• Kat
      September 19, 2012 at 9:07 am

      Hi Keith -

      Thanks for sharing your opinion. The majority of machines we sell actually feature copper or brass boilers and distilled/deionized water does pit them over time, as well as having an adverse affect on heating elements. I agree that distilled water won’t have an impact on waterworks that are largely constructed of plastic, but for the majority of the home and commercial machines we sell, it does. Also, it doesn’t produce a balanced cup of coffee so we can’t recommend using it for that reason alone :D

      Best,
      Kat

      • Peter Lee
        May 23, 2014 at 1:27 am

        Your anecdote regarding distilled water causing more “pit” in copper or brass boilers is flawed. Both copper & brass (copper +zinc) tarnish & develop a patina when exposed to ANY kind of water H20 at the surface level, but distilled water nor any other would not “pit” them, nor damage them meaningfully over even hundreds of years. The damage is from the SITW, not the water itself.

        The oft mentioned “studies” purporting to reveal that “water for coffee should have a TDS of about 150ppm” is pseudoscience garbage based on subjective grading of taste scores – votes & surveys are not science. TDS or even conductivity are only gross measures showing that “something” is in there – it could be minerals like calcium, phosphorus, sodium, etc. But it could also be and often are things like heavy metals, radioactive substances, pharmaceuticals, microbes, and other SITW. For whatever reason, some people may prefer the taste of water that smells of garbage & pollution, but it certainly isn’t better for you and there are NO STUDIES of scientific merit that shows detrimental caffeine extraction rates with distilled or deionized water over polluted tap or mineralized water. In fact there are many meritorious studies showing the benefits of using distilled and deionized water in maximally extracting caffeine compared to “tap” water or other nonpure water (j.foodchem.2008.07.033 among many). If you feel pure water (R/O,D/I, distilled) makes coffee bitter by overly extracting caffeine compared to using unpure water, simply reduce the extraction times – it makes coffee faster then. But in fact this is another myth – pure water does NOT make coffee bitter, as anyone who uses 0 conductivity water can tell you. 0 conductivity water can only improve coffee brewing, not make it worse – one of these days nonscientific bodies like the National Coffee Association and others will get this topic right, once their preconceived biases based on opinions of so-called coffee experts are laid to rest.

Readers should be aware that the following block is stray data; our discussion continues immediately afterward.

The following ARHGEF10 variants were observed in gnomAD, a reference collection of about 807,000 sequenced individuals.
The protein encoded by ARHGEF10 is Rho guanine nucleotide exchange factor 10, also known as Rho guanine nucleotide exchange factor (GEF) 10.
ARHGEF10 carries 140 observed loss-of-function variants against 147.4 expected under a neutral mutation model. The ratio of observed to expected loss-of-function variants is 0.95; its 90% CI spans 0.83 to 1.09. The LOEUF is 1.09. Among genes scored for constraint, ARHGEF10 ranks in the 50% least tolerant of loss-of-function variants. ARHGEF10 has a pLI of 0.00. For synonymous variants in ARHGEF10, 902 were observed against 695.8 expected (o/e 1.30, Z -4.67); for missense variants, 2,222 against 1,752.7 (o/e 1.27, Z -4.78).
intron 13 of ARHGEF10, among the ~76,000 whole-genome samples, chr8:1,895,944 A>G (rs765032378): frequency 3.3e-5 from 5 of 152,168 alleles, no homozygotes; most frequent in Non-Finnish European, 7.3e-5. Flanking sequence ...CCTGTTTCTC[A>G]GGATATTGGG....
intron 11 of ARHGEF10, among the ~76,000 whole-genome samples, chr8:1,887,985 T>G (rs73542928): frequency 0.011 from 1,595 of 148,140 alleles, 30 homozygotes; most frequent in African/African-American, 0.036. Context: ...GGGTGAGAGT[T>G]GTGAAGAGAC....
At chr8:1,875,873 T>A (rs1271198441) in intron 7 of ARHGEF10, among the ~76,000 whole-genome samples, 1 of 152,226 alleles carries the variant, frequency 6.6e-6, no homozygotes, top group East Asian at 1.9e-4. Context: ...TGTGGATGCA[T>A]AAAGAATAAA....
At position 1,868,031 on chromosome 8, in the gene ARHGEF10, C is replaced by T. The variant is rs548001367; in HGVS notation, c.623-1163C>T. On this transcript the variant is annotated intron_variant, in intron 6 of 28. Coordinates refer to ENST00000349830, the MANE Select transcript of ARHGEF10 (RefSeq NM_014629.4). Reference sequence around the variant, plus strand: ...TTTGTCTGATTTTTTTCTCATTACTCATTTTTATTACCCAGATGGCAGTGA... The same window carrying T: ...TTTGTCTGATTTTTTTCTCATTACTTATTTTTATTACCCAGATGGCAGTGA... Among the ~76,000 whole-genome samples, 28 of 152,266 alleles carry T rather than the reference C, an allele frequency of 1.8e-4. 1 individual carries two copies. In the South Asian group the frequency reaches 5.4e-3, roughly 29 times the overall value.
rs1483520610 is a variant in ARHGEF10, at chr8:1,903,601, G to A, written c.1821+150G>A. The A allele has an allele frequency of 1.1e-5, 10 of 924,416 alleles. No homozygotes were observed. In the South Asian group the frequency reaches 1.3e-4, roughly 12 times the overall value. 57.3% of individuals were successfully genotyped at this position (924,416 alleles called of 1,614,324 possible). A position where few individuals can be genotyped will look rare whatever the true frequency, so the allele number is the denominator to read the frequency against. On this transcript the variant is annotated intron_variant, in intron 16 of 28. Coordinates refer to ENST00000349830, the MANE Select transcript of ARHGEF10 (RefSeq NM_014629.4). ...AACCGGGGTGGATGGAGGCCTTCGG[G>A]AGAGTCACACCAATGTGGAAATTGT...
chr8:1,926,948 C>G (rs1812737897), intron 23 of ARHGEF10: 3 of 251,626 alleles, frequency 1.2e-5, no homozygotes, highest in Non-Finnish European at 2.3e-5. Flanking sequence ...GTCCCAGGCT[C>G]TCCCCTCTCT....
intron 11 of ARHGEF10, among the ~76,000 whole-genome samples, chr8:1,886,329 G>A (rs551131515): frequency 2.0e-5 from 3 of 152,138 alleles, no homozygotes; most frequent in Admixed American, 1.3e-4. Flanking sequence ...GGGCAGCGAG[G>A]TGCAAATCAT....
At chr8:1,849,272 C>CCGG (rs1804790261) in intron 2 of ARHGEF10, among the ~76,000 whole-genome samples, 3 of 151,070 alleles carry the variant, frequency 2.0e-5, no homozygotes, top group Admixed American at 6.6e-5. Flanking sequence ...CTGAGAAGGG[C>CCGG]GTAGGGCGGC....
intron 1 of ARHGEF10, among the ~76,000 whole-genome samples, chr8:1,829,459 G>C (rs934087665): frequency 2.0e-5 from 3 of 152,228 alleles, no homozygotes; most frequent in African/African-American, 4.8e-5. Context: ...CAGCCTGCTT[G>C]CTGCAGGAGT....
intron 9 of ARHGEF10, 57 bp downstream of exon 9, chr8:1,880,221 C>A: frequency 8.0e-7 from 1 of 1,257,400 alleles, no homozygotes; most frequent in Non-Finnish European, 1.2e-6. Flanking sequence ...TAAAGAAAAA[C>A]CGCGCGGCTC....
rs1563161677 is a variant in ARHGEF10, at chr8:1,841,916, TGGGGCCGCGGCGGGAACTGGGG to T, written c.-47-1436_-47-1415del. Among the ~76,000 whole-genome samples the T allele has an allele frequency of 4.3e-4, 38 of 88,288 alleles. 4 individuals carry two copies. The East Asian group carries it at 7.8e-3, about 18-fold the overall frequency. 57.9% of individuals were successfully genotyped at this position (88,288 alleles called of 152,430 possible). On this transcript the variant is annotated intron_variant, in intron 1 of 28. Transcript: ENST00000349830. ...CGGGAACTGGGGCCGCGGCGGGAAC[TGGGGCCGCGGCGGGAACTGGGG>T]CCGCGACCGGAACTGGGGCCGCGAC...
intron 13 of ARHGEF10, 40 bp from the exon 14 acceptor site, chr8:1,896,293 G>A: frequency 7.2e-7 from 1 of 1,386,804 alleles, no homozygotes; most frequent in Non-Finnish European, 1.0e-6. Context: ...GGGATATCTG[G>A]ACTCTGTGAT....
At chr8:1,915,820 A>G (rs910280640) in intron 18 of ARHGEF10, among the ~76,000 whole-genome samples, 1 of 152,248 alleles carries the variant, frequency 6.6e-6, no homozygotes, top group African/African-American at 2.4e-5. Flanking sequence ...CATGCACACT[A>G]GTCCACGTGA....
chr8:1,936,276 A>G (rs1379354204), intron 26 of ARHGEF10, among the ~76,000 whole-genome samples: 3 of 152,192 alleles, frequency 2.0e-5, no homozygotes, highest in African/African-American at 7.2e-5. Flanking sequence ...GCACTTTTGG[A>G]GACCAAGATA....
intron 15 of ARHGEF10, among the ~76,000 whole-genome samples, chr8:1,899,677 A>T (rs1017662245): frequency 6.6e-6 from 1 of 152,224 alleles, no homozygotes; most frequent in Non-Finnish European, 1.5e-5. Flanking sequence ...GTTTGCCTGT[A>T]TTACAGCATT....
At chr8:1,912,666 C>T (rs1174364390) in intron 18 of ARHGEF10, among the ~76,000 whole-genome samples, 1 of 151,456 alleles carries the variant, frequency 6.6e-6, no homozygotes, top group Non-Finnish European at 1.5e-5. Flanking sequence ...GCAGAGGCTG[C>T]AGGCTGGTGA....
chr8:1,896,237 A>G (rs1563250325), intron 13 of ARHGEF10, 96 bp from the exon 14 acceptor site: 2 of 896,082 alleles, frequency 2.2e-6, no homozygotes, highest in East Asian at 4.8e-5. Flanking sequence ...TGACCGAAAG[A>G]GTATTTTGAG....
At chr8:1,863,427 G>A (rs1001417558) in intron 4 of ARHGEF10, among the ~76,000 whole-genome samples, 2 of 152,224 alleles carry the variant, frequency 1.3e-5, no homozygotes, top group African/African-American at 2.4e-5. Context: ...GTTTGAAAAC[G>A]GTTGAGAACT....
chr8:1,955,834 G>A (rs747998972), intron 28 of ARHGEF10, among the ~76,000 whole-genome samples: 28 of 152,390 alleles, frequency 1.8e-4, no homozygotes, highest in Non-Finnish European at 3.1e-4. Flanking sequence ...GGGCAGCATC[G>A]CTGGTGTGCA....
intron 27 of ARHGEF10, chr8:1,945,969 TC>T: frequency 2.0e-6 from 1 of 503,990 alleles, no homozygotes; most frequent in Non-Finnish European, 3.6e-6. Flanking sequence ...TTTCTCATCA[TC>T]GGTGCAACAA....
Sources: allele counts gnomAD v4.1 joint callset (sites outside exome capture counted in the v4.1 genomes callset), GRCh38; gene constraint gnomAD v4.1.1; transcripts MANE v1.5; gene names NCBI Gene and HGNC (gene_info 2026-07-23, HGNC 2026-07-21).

• Jack Denman
          October 2, 2014 at 3:44 pm

          To Peter Lee,

          Thanks for a good explanation. It goes without saying that distilled water will lengthen the life of the machine that will never need cleaning. The buildup of Calcium and Magnesium salts from anything but distilled water will clog the machine and make necessary the cleaning with corrosive chemicals that can and will pit metals and is not completely effective is removing it all without complete disassembly which owners will not do.

          You have exposed a bunch of old wives tales.

          Jack Denman